Image
Can you provide the actual lenght of the park tool, please?

User avatar
Calnago
Posts: 8349
Joined: Sun Nov 07, 2010 9:14 pm

by Calnago

talltales wrote: Can you provide the actual length of the park tool, please?
The Park Tool is ~171mm (rough measure with a ruler) at the 0.5mark. That’s measuring between 14 links (distance between 15pins). The Campy guideline is when the chain is at 132.60mm (11 links, 12 pins), it’s time for replacement. The 0.5 mark on the Park Tool indicates that the chain has worn one half of 1%, and that is the wear point determined to be the time for replacement. To be clear, it does not mean the chain is 50% worn and you have 50% left. It means replace the chain now. So, if a new chain is at ~132.0mm (very close), then half of 1% of that is 0.5 x (.01 x 132.0) = 0.66mm. So, that would imply a distance of 132.0+0.66=~132.66 before replacement, or basically the equivalent of Campy’s guideline. I just find using the Park Tool much easier as a go/nogo kind of check. And yes, I can notice the degradation in shifting if I let it go much more than that, so once I can fit the Park Tool in there, I just keep it in mind to change it out at some point sooner than later.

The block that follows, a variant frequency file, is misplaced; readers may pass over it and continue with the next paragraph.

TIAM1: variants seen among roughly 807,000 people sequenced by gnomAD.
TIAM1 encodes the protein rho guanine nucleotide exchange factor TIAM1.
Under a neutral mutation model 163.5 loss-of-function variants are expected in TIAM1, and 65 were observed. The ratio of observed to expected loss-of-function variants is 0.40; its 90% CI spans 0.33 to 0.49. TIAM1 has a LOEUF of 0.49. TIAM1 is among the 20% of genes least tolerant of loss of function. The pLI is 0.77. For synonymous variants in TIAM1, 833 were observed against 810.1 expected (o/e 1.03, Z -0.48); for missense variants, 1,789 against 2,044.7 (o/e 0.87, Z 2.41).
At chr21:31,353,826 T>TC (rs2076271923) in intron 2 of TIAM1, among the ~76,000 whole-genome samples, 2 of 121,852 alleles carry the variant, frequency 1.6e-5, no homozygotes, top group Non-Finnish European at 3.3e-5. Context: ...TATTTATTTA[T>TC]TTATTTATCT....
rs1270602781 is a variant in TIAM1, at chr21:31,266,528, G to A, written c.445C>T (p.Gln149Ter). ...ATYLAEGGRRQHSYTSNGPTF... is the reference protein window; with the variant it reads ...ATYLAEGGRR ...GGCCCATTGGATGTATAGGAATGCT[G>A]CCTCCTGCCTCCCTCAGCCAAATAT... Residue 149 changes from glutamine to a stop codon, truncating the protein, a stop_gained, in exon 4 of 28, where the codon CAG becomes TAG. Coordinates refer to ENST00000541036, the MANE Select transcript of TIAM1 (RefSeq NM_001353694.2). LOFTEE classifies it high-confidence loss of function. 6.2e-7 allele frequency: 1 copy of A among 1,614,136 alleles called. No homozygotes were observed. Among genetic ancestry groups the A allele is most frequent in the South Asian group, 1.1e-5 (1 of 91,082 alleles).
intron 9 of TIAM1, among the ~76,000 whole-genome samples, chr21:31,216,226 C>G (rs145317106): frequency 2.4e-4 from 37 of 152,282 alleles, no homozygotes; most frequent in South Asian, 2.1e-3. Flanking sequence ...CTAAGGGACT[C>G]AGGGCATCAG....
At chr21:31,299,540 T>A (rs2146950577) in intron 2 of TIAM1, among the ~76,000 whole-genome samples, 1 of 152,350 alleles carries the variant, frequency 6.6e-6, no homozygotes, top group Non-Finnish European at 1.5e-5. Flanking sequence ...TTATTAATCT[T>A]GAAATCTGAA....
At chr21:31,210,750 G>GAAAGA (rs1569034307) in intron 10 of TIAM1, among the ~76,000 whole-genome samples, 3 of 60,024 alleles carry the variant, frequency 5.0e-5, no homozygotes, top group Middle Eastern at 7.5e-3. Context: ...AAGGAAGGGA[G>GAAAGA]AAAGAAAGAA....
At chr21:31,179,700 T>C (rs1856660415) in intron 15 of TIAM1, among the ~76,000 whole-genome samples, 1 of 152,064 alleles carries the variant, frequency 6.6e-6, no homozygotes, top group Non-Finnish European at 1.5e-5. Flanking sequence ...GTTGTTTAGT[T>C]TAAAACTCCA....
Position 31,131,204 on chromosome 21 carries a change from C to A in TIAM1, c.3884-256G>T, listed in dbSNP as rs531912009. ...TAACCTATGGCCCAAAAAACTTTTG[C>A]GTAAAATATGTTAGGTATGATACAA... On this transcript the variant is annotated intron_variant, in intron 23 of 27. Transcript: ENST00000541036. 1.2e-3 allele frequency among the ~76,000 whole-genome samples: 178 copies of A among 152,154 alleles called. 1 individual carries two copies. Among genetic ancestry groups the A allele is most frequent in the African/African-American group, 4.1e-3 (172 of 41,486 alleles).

Colnago C64 - The Naked Build; Colnago C60 - PR99; Trek Koppenberg - Where Emonda and Domane Meet;
Unlinked Builds (searchable): Colnago C59 - 5 Years Later; Trek Emonda SL Campagnolo SR; Special Colnago EPQ

talltales
Posts: 59
Joined: Mon Mar 11, 2019 10:43 pm

by talltales

Yes I get all of that. I was just curious about what, exactly, park considers 0.5% or 1%. Its not a given they go by the nominal dimensions of a bicycle chain and they may or may not account for some initial slop in the rollers and/or variance in roller diameter. Btw Park just announce a new chain wear gauge that is similat tol the older Shimano tl-cn41.

Post Reply
  • Similar Topics
    Replies
    Views
    Last post